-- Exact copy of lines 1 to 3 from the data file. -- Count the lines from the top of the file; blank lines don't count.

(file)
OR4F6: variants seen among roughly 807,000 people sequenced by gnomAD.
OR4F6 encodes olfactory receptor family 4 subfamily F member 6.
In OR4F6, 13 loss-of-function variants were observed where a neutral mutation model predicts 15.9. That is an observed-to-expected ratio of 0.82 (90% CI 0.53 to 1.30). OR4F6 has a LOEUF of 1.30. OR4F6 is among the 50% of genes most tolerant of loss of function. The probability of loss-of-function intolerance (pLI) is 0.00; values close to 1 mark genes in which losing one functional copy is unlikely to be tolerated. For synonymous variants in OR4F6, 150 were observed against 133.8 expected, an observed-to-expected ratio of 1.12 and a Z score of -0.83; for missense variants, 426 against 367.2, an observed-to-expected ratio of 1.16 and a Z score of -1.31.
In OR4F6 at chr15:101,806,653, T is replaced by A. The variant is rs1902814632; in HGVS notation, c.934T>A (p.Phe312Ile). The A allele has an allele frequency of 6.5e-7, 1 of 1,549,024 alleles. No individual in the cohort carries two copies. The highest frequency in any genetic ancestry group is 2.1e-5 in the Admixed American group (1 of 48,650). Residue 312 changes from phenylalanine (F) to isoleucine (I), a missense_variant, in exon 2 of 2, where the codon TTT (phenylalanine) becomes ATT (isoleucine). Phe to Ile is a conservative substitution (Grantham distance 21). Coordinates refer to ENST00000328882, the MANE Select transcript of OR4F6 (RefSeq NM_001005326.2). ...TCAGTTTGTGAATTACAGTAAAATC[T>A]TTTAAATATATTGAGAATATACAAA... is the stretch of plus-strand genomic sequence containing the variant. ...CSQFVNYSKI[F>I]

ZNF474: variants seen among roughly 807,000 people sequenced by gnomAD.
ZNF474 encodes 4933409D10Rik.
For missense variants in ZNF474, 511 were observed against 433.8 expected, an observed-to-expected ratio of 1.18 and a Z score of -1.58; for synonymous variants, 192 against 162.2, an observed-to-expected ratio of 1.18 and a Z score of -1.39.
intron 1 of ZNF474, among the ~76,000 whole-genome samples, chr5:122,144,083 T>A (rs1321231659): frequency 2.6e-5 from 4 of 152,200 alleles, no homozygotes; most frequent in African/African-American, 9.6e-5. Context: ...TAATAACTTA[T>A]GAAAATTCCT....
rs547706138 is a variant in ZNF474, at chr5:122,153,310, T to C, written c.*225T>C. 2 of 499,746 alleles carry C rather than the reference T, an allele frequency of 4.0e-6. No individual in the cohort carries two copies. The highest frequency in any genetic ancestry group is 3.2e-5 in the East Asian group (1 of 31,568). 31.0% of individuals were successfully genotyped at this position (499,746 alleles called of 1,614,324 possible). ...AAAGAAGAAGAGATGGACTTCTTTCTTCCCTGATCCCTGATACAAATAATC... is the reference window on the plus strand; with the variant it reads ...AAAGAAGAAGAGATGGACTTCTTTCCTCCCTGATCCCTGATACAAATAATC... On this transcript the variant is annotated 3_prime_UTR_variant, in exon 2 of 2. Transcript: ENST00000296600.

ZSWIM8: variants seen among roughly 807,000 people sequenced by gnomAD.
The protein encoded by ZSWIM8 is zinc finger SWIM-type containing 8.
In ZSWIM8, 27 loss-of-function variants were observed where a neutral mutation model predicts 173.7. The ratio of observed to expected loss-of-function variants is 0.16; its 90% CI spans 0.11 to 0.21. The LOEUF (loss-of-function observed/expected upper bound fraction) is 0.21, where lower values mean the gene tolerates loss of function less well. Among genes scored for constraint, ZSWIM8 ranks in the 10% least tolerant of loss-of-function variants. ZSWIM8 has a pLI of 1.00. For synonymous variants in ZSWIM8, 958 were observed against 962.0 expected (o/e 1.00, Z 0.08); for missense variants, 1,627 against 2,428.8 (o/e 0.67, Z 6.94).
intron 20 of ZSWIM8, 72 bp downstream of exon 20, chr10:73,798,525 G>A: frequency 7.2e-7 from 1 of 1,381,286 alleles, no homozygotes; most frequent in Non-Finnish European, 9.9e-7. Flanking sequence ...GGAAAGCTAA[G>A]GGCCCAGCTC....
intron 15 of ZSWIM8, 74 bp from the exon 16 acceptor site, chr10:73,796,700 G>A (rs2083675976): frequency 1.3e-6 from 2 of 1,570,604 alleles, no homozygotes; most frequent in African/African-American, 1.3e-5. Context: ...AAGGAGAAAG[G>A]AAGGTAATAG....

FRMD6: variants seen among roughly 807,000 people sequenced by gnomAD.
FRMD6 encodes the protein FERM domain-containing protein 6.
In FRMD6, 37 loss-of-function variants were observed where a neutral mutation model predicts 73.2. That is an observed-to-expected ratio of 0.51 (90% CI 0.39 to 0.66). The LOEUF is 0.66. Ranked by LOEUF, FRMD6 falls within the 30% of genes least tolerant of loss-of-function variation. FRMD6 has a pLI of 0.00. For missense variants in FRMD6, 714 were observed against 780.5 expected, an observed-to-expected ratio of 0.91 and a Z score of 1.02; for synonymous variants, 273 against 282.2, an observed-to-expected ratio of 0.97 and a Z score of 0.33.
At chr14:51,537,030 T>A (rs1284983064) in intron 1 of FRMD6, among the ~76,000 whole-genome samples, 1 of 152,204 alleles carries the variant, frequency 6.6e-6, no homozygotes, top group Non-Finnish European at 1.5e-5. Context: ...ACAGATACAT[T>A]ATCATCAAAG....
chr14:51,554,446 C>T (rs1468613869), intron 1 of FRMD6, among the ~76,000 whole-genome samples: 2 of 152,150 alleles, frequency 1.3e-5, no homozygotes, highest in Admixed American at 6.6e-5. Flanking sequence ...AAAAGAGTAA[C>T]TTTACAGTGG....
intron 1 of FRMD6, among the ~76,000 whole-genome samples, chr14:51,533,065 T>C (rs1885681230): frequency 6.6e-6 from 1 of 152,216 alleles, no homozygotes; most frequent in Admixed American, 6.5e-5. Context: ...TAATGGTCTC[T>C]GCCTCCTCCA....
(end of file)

OR4F6: variants seen among roughly 807,000 people sequenced by gnomAD.
OR4F6 encodes olfactory receptor family 4 subfamily F member 6.
In OR4F6, 13 loss-of-function variants were observed where a neutral mutation model predicts 15.9. That is an observed-to-expected ratio of 0.82 (90% CI 0.53 to 1.30). OR4F6 has a LOEUF of 1.30. OR4F6 is among the 50% of genes most tolerant of loss of function. The probability of loss-of-function intolerance (pLI) is 0.00; values close to 1 mark genes in which losing one functional copy is unlikely to be tolerated. For synonymous variants in OR4F6, 150 were observed against 133.8 expected, an observed-to-expected ratio of 1.12 and a Z score of -0.83; for missense variants, 426 against 367.2, an observed-to-expected ratio of 1.16 and a Z score of -1.31.